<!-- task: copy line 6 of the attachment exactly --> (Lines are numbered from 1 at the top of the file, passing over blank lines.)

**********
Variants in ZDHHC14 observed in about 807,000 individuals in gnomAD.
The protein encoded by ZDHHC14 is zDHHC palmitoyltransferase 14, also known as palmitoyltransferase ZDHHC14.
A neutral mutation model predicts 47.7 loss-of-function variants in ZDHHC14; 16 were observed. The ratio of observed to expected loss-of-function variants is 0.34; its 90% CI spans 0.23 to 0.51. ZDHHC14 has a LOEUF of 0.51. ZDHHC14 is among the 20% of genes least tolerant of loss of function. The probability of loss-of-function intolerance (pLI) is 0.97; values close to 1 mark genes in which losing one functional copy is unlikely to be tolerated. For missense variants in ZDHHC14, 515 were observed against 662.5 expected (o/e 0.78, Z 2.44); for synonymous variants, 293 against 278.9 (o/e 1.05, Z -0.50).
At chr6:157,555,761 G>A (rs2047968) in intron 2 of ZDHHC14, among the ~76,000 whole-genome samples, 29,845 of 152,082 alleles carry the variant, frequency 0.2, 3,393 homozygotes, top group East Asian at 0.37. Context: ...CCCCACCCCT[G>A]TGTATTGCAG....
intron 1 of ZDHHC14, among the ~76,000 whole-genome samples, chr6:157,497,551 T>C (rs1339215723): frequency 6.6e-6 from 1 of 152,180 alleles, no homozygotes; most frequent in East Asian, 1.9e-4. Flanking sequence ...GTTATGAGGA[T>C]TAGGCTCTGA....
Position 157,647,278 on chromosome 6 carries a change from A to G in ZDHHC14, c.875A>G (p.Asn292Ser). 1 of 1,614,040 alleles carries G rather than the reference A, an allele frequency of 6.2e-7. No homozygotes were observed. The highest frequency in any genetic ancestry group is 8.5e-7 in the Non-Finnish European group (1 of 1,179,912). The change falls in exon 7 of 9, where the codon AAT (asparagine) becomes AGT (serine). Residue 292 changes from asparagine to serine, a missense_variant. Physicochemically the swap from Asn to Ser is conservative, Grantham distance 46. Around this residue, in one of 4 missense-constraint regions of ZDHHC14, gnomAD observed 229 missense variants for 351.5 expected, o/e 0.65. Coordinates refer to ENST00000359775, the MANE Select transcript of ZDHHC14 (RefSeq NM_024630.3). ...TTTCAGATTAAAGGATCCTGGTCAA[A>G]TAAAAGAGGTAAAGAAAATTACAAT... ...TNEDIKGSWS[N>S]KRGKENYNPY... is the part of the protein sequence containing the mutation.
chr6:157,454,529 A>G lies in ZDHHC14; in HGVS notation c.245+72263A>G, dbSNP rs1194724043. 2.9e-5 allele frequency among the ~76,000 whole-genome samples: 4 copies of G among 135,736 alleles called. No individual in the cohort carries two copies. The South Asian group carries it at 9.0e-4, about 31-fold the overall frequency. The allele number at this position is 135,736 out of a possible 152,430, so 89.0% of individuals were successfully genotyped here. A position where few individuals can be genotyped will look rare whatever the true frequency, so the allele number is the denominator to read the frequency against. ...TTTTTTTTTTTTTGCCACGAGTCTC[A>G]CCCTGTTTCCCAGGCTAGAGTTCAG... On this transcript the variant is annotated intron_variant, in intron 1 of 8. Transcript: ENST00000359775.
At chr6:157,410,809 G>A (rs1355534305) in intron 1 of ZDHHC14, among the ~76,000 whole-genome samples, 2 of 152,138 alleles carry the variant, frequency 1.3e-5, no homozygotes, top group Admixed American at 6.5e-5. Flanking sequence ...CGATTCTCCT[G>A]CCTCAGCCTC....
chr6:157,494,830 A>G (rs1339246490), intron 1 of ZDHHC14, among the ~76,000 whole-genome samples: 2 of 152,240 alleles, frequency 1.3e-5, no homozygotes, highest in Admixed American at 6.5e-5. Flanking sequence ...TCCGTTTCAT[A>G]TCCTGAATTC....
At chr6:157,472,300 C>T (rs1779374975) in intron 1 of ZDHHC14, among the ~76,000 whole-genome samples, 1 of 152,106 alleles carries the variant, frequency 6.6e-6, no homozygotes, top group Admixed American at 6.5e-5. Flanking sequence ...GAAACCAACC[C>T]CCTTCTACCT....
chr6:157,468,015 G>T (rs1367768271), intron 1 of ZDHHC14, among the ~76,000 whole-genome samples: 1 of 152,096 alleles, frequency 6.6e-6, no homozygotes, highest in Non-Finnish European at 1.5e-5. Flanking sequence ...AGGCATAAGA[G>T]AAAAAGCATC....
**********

Position 157,647,278 on chromosome 6 carries a change from A to G in ZDHHC14, c.875A>G (p.Asn292Ser). 1 of 1,614,040 alleles carries G rather than the reference A, an allele frequency of 6.2e-7. No homozygotes were observed. The highest frequency in any genetic ancestry group is 8.5e-7 in the Non-Finnish European group (1 of 1,179,912). The change falls in exon 7 of 9, where the codon AAT (asparagine) becomes AGT (serine). Residue 292 changes from asparagine to serine, a missense_variant. Physicochemically the swap from Asn to Ser is conservative, Grantham distance 46. Around this residue, in one of 4 missense-constraint regions of ZDHHC14, gnomAD observed 229 missense variants for 351.5 expected, o/e 0.65. Coordinates refer to ENST00000359775, the MANE Select transcript of ZDHHC14 (RefSeq NM_024630.3). ...TTTCAGATTAAAGGATCCTGGTCAA[A>G]TAAAAGAGGTAAAGAAAATTACAAT... ...TNEDIKGSWS[N>S]KRGKENYNPY... is the part of the protein sequence containing the mutation.